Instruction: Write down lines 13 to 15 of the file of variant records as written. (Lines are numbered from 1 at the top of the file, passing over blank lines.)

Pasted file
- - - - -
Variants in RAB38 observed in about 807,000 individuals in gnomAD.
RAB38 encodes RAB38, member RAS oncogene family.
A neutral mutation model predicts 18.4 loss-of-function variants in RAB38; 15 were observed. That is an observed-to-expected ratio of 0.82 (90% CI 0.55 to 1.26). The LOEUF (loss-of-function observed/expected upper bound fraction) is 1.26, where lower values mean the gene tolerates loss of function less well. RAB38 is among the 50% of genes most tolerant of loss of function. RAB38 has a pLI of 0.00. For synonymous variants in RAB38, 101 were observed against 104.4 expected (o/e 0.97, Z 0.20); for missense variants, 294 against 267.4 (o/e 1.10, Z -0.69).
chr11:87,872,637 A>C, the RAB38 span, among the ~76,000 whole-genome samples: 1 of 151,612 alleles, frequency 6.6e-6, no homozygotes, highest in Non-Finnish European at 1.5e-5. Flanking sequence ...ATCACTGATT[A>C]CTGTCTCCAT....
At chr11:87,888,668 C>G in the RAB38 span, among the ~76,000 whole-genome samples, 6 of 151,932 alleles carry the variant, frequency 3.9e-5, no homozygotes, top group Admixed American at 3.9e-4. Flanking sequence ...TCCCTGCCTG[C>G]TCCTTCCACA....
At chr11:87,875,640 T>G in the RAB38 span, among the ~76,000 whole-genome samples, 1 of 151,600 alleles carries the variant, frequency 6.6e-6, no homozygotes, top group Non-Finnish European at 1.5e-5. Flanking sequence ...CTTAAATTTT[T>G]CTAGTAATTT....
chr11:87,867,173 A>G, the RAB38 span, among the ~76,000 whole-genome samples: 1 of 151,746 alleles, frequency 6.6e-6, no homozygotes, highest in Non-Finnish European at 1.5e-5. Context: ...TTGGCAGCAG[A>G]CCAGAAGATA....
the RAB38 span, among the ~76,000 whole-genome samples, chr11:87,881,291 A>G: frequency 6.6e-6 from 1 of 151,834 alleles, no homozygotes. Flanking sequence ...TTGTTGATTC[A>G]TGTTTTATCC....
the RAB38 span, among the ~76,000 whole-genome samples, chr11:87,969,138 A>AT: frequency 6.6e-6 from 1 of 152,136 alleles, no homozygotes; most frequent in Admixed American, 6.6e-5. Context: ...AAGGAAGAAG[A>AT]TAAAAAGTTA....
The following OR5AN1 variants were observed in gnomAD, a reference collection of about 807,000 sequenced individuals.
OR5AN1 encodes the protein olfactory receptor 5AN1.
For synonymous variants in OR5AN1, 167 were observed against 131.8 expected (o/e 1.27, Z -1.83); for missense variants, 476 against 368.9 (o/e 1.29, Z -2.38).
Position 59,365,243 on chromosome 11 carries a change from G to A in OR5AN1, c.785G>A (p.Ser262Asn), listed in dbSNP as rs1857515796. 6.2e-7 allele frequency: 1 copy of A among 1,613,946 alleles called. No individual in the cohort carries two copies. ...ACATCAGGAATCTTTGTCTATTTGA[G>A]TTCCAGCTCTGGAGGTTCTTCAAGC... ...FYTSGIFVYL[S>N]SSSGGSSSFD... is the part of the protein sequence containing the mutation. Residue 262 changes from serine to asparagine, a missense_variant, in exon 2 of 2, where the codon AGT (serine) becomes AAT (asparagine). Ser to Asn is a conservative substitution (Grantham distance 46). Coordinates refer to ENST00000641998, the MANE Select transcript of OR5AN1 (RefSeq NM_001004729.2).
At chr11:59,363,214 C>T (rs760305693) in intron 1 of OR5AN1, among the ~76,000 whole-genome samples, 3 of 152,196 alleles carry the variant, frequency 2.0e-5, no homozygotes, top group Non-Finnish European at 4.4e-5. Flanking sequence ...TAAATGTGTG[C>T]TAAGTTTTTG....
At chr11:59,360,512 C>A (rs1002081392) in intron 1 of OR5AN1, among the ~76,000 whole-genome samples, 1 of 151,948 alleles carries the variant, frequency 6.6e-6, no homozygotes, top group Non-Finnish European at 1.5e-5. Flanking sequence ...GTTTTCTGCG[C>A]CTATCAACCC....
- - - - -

Position 59,365,243 on chromosome 11 carries a change from G to A in OR5AN1, c.785G>A (p.Ser262Asn), listed in dbSNP as rs1857515796. 6.2e-7 allele frequency: 1 copy of A among 1,613,946 alleles called. No individual in the cohort carries two copies. ...ACATCAGGAATCTTTGTCTATTTGA[G>A]TTCCAGCTCTGGAGGTTCTTCAAGC... ...FYTSGIFVYL[S>N]SSSGGSSSFD... is the part of the protein sequence containing the mutation. Residue 262 changes from serine to asparagine, a missense_variant, in exon 2 of 2, where the codon AGT (serine) becomes AAT (asparagine). Ser to Asn is a conservative substitution (Grantham distance 46). Coordinates refer to ENST00000641998, the MANE Select transcript of OR5AN1 (RefSeq NM_001004729.2).
At chr11:59,363,214 C>T (rs760305693) in intron 1 of OR5AN1, among the ~76,000 whole-genome samples, 3 of 152,196 alleles carry the variant, frequency 2.0e-5, no homozygotes, top group Non-Finnish European at 4.4e-5. Flanking sequence ...TAAATGTGTG[C>T]TAAGTTTTTG....
At chr11:59,360,512 C>A (rs1002081392) in intron 1 of OR5AN1, among the ~76,000 whole-genome samples, 1 of 151,948 alleles carries the variant, frequency 6.6e-6, no homozygotes, top group Non-Finnish European at 1.5e-5. Flanking sequence ...GTTTTCTGCG[C>A]CTATCAACCC....